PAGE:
Researchers Developing 'Underwater Internet'
By Angela Moscaritolo October 16, 2013 04:50pm EST
University at Buffalo researchers are developing a deep-sea computer network that may lead to improvements in tsunami detection, offshore oil and natural gas exploration, surveillance, and pollution monitoring.
"A submerged wireless network will give us an unprecedented ability to collect and analyze data from our oceans in real time," Tommaso Melodia, UB associate professor of electrical engineering and the project's lead researcher, said in a statement. "Making this information available to anyone with a smartphone or computer, especially when a tsunami or other type of disaster occurs, could help save lives."
The framework Melodia and his team are developing would transmit data from existing and planned underwater sensor networks to laptops, smartphones, and other wireless devices in real time. It also would allow the many disparate underwater communication systems around the world to communicate with each other, effectively creating a deep-sea Internet.
Because land-based wireless networks rely on radio waves, which work poorly underwater, agencies like the Navy and National Oceanic and Atmospheric Administration (NOAA) use sound wave-based techniques to communicate under the sea. The NOAA, for instance, relies on acoustic waves to send data from tsunami sensors on the ocean floor to surface buoys, the researchers explained. The buoys then convert acoustic waves into radio waves, which can be directed back to land-based computers.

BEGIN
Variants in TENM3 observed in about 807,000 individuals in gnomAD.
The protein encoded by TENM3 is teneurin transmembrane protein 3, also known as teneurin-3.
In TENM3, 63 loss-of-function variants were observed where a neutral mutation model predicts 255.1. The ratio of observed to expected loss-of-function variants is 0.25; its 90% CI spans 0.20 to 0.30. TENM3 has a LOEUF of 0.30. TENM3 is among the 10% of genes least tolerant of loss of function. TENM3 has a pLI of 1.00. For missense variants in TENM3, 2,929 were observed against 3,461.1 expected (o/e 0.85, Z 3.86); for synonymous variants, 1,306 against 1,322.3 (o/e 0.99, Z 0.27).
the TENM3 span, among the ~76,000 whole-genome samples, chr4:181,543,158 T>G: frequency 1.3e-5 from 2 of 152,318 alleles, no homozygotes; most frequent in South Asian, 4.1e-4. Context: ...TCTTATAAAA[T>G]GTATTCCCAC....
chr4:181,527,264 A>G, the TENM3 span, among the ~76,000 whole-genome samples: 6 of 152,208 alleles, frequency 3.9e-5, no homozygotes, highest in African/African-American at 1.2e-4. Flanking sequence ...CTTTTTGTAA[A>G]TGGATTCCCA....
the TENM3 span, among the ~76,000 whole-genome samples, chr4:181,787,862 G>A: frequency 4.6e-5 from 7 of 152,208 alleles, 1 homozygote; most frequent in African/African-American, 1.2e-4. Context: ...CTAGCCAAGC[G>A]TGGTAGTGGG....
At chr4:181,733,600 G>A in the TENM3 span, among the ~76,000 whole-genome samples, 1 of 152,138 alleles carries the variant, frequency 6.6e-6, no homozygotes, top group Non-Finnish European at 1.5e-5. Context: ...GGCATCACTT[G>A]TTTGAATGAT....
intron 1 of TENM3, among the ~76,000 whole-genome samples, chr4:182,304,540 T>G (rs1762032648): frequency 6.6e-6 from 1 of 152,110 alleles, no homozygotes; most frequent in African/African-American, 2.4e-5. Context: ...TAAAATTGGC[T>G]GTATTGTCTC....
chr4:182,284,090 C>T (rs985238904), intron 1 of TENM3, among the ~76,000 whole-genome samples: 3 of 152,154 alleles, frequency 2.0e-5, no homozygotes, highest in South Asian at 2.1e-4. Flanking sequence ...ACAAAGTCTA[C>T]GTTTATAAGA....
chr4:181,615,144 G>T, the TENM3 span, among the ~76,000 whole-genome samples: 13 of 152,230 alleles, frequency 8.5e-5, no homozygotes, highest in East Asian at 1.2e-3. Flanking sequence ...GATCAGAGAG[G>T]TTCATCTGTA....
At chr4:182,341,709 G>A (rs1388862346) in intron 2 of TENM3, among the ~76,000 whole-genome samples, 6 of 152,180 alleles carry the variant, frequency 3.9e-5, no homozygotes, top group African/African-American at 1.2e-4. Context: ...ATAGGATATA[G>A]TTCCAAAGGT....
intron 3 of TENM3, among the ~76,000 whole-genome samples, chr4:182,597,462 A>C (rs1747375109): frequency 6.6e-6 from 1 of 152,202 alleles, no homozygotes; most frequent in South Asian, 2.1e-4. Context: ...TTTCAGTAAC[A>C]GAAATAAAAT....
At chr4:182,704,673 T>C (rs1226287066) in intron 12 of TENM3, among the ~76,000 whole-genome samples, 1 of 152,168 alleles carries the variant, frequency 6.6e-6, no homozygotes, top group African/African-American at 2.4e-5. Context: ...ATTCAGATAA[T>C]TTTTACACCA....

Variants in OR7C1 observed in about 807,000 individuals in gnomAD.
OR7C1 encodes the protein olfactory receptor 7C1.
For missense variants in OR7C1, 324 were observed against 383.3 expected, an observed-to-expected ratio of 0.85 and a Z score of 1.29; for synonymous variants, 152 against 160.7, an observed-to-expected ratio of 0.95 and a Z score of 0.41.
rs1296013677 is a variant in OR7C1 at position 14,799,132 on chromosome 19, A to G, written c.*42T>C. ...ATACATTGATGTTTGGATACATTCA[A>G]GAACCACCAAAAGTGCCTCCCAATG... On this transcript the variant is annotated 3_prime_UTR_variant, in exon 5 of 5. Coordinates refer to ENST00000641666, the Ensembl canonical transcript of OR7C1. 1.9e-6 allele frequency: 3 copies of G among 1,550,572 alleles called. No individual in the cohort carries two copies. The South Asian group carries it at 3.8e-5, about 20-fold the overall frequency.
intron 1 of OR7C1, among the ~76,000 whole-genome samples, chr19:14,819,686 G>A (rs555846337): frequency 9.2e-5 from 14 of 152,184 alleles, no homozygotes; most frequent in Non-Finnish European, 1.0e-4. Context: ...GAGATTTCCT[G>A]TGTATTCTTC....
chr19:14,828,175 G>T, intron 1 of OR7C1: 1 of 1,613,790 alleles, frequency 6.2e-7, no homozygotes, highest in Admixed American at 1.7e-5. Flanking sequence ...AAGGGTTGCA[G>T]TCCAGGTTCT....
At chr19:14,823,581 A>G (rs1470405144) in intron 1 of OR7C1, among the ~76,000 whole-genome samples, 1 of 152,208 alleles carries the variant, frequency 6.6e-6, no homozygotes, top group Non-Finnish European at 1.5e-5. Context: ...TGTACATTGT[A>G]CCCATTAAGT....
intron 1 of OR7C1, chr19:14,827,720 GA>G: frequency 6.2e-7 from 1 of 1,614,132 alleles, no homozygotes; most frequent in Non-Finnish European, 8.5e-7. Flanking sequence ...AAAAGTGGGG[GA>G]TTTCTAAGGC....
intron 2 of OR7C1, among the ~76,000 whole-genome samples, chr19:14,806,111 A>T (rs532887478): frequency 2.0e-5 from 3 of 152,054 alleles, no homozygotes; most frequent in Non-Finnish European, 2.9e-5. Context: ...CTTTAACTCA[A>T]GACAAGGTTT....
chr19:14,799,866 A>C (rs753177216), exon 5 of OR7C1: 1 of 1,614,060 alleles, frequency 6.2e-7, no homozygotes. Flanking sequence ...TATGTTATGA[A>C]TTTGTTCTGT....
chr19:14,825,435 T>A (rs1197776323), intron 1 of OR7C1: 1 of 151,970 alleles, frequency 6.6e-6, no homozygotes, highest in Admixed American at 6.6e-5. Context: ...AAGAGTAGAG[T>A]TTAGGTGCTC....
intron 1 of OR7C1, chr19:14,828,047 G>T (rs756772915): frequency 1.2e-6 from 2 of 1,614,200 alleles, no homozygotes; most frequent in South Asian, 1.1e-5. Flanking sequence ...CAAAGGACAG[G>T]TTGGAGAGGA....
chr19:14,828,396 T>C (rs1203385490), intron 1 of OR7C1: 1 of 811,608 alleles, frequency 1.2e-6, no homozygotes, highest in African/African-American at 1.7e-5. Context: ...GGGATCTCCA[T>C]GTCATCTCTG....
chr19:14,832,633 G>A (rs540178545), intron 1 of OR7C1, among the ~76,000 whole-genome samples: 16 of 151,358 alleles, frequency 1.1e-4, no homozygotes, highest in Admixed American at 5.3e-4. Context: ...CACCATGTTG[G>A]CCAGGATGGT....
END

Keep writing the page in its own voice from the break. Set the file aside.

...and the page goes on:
Many other systems around the world work similarly, but it's difficult to share data between them because each system has a different infrastructure. Melodia's framework would remedy this issue.
The system promises to be able to link together buoy networks that detect tsunamis, which could lead to more reliable warnings. It could also potentially help collect oceanographic data and pollution information, encouraging researchers to work together and eliminate duplicate sensors and other equipment.
The underwater network could also potentially help law enforcement spot undersea illegal activity, such as drug smuggling through the use of makeshift submarines.
"We could even use it to monitor fish and marine mammals, and find out how to best protect them from shipping traffic and other dangers," Melodia said. "An Internet underwater has so many possibilities."
The researchers have already successfully tested the system in Lake Erie. Melodia and his students will present their research paper, "The Internet Underwater: An IP-compatible Protocol Stack for Commercial Undersea Modems," at the International Conference on Underwater Networks & Systems, which takes place from Nov. 11 - 13 in Taiwan.